As we are using linear regression, f() will be a linear function of the type:

 Y=\theta_0 x_0 + \theta_1 x_1         eq.  (2)

here we will treat x_0 to be always 1 and x_1 will represent the Area of house. So the final hypothesis will be :

 h_\theta(x)=Y=\theta_0 + \theta_1 x_1         eq.  (3)

We took few random values for X and Y and plotted them as follows:

Learning Data

Fig 1. Learning Data

In Fig 1 x-axis represents area of house and y-axis represents corresponding price of house. Now to create a Linear Regression prediction model we need to fit a line that best represents given data. Something similar to green line in Fig 2.

Fig 2. Linear Regression Line

Fig 2. Linear Regression Line

We could have various lines that could pass through the given data. But in linear regression we try to find the line that optimally fits that data i.e. the line is at minimum possible distance from each data point.

The test data for X-dimension and Y-dimension is:

x=c(2,2,3,4,3,6,5,4,5,7,6,9)
y=c(2,3,3,4,5,5,6,7,7,7,8,9)

Step 3: Cost Function-  J(\theta)

Now that we have defined the hypothesis, we need to focus on evaluating the parameters of the hypothesis. In the given hypothesis in eq. (3) Y and x_i are variables and \theta_0 and \theta_1 are constants whose values we need to compute. To compute the values of thetas we need to create a cost function as follows:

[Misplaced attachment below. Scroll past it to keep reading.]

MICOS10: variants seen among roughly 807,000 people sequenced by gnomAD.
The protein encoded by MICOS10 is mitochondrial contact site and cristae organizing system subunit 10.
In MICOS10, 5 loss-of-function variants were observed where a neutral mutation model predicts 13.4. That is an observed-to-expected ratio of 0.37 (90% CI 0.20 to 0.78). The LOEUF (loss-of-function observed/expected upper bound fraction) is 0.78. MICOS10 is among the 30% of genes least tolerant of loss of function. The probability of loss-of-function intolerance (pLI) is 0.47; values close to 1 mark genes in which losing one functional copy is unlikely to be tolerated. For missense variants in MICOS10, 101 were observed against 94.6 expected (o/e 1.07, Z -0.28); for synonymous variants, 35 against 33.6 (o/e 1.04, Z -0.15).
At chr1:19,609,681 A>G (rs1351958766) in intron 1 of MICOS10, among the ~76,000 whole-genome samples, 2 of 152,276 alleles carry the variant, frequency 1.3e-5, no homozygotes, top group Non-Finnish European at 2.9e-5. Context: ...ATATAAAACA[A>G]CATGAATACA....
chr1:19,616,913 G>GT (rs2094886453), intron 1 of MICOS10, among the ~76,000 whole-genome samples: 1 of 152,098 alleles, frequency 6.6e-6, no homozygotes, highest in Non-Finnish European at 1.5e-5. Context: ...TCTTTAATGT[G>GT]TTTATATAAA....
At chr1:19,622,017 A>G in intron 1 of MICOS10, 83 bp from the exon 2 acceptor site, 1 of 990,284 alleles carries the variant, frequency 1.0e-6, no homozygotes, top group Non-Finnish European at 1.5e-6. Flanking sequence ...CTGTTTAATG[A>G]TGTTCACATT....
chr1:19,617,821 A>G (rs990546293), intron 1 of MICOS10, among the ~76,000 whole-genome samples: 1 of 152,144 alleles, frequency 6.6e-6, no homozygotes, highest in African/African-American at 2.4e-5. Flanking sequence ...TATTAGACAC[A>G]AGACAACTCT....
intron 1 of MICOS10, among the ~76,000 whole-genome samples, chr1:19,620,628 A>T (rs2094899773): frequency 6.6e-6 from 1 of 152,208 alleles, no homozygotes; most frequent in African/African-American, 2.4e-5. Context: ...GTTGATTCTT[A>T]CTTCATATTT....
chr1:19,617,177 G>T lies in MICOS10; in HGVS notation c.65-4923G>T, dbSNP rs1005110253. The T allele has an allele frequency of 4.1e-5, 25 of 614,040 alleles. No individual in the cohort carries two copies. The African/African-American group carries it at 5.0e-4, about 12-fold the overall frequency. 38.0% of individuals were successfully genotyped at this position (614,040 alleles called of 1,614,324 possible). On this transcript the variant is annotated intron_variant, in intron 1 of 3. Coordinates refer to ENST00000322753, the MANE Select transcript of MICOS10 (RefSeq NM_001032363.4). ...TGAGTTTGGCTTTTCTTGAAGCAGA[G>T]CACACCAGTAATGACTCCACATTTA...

J(\theta)= \frac{1}{m} \sum_{i=1}^{m} (h_\theta(x^{(i)}) - y^{(i)})^2           eq. (4)

substituting value of h_\theta(x) we get

 J(\theta_0, \theta_1)= \frac{1}{m} \sum_{i=1}^{m} ((\theta_0+\theta_1 x_1) - y^{(i)})^2           eq. (5)

Where: m=number of training examples or length of vectors x and y above. Super-script (i) is not the power instead it denotes the i^{th} training example

Here in eq. (4) we are trying to find the difference between the predicted value of y (price of house) denoted as h_\theta(x^{(i)} and actual value of y denoted as y^i. For programming linear regression in R we need initial values of \theta_0 and \theta_1. Lets following values as initial values of parameters thetas (you could any random value):

theta0=10
theta1=10

R code for computing cost function J(\theta) is as follows:

J=function(x,y,theta0,theta1){